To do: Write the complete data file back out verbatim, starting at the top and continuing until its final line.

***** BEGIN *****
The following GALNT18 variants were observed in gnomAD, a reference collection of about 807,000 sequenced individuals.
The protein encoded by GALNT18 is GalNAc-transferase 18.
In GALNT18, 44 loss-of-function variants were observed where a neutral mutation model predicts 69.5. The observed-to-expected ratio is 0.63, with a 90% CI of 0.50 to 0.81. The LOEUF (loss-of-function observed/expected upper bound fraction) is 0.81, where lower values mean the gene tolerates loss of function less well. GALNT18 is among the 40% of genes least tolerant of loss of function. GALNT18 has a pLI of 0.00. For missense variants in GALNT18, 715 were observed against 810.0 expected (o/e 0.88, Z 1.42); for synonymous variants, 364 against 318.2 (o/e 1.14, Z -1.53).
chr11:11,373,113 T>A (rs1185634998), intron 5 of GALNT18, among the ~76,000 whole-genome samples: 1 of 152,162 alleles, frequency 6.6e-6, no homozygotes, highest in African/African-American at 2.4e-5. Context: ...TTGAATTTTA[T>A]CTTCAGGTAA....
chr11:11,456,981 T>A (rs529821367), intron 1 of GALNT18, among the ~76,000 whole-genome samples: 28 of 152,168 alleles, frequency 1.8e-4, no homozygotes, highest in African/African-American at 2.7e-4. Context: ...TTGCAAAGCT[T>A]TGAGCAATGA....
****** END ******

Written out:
The following GALNT18 variants were observed in gnomAD, a reference collection of about 807,000 sequenced individuals.
The protein encoded by GALNT18 is GalNAc-transferase 18.
In GALNT18, 44 loss-of-function variants were observed where a neutral mutation model predicts 69.5. The observed-to-expected ratio is 0.63, with a 90% CI of 0.50 to 0.81. The LOEUF (loss-of-function observed/expected upper bound fraction) is 0.81, where lower values mean the gene tolerates loss of function less well. GALNT18 is among the 40% of genes least tolerant of loss of function. GALNT18 has a pLI of 0.00. For missense variants in GALNT18, 715 were observed against 810.0 expected (o/e 0.88, Z 1.42); for synonymous variants, 364 against 318.2 (o/e 1.14, Z -1.53).
chr11:11,373,113 T>A (rs1185634998), intron 5 of GALNT18, among the ~76,000 whole-genome samples: 1 of 152,162 alleles, frequency 6.6e-6, no homozygotes, highest in African/African-American at 2.4e-5. Context: ...TTGAATTTTA[T>A]CTTCAGGTAA....
chr11:11,456,981 T>A (rs529821367), intron 1 of GALNT18, among the ~76,000 whole-genome samples: 28 of 152,168 alleles, frequency 1.8e-4, no homozygotes, highest in African/African-American at 2.7e-4. Context: ...TTGCAAAGCT[T>A]TGAGCAATGA....